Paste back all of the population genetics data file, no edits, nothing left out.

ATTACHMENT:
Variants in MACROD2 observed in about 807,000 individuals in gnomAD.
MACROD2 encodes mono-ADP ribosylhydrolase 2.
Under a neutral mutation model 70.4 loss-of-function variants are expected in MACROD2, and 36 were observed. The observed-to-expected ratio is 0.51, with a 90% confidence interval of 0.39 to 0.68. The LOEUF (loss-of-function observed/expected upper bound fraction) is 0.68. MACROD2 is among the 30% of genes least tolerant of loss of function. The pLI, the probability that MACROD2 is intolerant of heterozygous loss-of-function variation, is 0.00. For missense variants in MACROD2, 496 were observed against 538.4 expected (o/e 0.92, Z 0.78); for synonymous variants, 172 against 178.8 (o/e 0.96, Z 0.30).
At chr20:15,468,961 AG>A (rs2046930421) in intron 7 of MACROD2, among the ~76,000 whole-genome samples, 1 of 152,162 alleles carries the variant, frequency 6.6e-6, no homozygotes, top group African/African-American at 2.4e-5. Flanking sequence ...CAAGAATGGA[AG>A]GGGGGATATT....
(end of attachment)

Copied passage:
Variants in MACROD2 observed in about 807,000 individuals in gnomAD.
MACROD2 encodes mono-ADP ribosylhydrolase 2.
Under a neutral mutation model 70.4 loss-of-function variants are expected in MACROD2, and 36 were observed. The observed-to-expected ratio is 0.51, with a 90% confidence interval of 0.39 to 0.68. The LOEUF (loss-of-function observed/expected upper bound fraction) is 0.68. MACROD2 is among the 30% of genes least tolerant of loss of function. The pLI, the probability that MACROD2 is intolerant of heterozygous loss-of-function variation, is 0.00. For missense variants in MACROD2, 496 were observed against 538.4 expected (o/e 0.92, Z 0.78); for synonymous variants, 172 against 178.8 (o/e 0.96, Z 0.30).
At chr20:15,468,961 AG>A (rs2046930421) in intron 7 of MACROD2, among the ~76,000 whole-genome samples, 1 of 152,162 alleles carries the variant, frequency 6.6e-6, no homozygotes, top group African/African-American at 2.4e-5. Flanking sequence ...CAAGAATGGA[AG>A]GGGGGATATT....